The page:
How many people are at risk for neural tube defects (NTDs)?

NTDs are a major cause of death and lifelong disability worldwide. According to the Centers for Disease Control and Prevention, spina bifida is the most common NTD in the United States.1 Anencephaly is the second most common, but it occurs far less often than spina bifida. Other types of NTDs are less common, and some are rare, such as iniencephaly. For additional statistics about NTDs, visit https://www.cdc.gov/ncbddd/folicacid/global.html.

Parents who have already had a child with spina bifida or another NTD have a slightly higher risk (less than 5%) than other parents of having a second child with spina bifida. Families with two children with spina bifida have a 1 in 10 chance of having another child with this condition.2 To help prevent NTDs in later pregnancies, health care providers may recommend a higher amount of folic acid for these women, starting well before conception.

Citations

  1. Centers for Disease Control and Prevention. (2018). Birth defects COUNT. Retrieved May 3, 2018, from https://www.cdc.gov/ncbddd/folicacid/global.html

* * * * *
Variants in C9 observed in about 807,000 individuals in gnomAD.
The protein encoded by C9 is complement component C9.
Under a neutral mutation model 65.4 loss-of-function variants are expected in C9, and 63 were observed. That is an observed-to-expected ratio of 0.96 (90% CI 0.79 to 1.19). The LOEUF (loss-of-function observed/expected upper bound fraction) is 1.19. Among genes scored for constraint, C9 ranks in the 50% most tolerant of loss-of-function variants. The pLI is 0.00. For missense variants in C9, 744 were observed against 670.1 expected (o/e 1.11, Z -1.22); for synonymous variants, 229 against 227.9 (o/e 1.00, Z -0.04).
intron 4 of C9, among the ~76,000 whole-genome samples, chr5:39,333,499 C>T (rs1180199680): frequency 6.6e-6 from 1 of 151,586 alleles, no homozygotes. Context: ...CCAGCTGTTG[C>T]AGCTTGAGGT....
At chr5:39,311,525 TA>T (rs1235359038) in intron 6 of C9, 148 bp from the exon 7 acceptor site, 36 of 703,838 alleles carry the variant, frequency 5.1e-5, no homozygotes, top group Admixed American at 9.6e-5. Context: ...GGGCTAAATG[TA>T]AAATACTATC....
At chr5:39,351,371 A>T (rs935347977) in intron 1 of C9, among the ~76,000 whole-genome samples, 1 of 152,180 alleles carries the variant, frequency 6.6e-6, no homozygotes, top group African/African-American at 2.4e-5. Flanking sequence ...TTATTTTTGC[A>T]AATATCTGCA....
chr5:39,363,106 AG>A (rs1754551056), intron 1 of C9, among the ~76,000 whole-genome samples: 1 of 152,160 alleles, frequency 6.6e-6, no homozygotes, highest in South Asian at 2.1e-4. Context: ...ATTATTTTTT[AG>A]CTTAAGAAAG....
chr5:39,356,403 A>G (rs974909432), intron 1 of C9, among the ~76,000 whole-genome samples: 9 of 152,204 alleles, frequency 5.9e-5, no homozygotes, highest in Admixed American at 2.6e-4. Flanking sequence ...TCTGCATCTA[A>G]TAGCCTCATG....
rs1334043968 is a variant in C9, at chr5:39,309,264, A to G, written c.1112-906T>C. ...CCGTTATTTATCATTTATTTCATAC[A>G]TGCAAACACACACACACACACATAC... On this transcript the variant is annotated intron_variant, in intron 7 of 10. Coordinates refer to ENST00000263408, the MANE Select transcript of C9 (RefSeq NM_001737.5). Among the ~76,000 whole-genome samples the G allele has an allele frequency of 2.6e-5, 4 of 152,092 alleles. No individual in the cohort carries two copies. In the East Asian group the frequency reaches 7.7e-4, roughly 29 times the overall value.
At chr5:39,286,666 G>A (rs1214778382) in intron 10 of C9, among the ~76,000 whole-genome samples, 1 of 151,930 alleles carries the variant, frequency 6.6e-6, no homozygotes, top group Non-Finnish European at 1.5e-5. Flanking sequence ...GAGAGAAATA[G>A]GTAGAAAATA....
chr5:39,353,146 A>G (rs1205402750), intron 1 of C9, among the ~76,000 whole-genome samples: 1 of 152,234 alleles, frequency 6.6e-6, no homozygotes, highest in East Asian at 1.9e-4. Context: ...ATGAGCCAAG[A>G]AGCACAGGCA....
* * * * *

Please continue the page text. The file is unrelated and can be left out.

2. Chescheir N., & American College of Obstetricians and Gynecologists (ACOG) Committee on Practice Bulletins-Obstetrics. (2003, reaffirmed 2016). ACOG Practice Bulletin: Neural tube defects, Number 44. International Journal of Gynecology and Obstetrics, 83, 123–133.

What are the symptoms of neural tube defects (NTDs)?

What causes neural tube defects (NTDs)?

How many people are at risk for neural tube defects (NTDs)?

How do health care providers diagnose neural tube defects (NTDs)?

Are there disorders or conditions associated with neural tube defects (NTDs)?

What are the treatments for neural tube defects (NTDs)?

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